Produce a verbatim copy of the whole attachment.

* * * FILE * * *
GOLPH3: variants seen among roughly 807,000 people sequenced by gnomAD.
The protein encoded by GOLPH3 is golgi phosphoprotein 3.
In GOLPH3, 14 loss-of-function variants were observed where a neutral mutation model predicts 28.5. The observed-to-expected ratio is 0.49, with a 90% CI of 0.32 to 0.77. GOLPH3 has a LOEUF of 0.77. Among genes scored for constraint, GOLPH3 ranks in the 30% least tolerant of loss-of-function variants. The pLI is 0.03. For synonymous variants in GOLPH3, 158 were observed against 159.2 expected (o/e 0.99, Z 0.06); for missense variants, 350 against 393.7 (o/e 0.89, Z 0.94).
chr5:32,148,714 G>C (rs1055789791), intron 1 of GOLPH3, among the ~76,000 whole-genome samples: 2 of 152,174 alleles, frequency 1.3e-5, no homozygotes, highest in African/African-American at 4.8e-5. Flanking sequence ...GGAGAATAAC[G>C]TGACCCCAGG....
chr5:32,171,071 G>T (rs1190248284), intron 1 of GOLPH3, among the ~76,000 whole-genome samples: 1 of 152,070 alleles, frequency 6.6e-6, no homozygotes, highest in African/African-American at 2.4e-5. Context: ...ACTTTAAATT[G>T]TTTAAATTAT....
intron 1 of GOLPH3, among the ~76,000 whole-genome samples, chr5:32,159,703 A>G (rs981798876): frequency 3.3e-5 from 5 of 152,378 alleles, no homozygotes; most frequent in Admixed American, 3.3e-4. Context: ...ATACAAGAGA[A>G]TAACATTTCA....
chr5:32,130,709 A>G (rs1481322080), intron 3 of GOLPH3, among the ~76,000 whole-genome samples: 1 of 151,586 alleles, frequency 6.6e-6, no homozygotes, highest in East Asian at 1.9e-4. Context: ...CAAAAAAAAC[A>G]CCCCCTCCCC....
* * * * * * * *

GOLPH3: variants seen among roughly 807,000 people sequenced by gnomAD.
The protein encoded by GOLPH3 is golgi phosphoprotein 3.
In GOLPH3, 14 loss-of-function variants were observed where a neutral mutation model predicts 28.5. The observed-to-expected ratio is 0.49, with a 90% CI of 0.32 to 0.77. GOLPH3 has a LOEUF of 0.77. Among genes scored for constraint, GOLPH3 ranks in the 30% least tolerant of loss-of-function variants. The pLI is 0.03. For synonymous variants in GOLPH3, 158 were observed against 159.2 expected (o/e 0.99, Z 0.06); for missense variants, 350 against 393.7 (o/e 0.89, Z 0.94).
chr5:32,148,714 G>C (rs1055789791), intron 1 of GOLPH3, among the ~76,000 whole-genome samples: 2 of 152,174 alleles, frequency 1.3e-5, no homozygotes, highest in African/African-American at 4.8e-5. Flanking sequence ...GGAGAATAAC[G>C]TGACCCCAGG....
chr5:32,171,071 G>T (rs1190248284), intron 1 of GOLPH3, among the ~76,000 whole-genome samples: 1 of 152,070 alleles, frequency 6.6e-6, no homozygotes, highest in African/African-American at 2.4e-5. Context: ...ACTTTAAATT[G>T]TTTAAATTAT....
intron 1 of GOLPH3, among the ~76,000 whole-genome samples, chr5:32,159,703 A>G (rs981798876): frequency 3.3e-5 from 5 of 152,378 alleles, no homozygotes; most frequent in Admixed American, 3.3e-4. Context: ...ATACAAGAGA[A>G]TAACATTTCA....
chr5:32,130,709 A>G (rs1481322080), intron 3 of GOLPH3, among the ~76,000 whole-genome samples: 1 of 151,586 alleles, frequency 6.6e-6, no homozygotes, highest in East Asian at 1.9e-4. Context: ...CAAAAAAAAC[A>G]CCCCCTCCCC....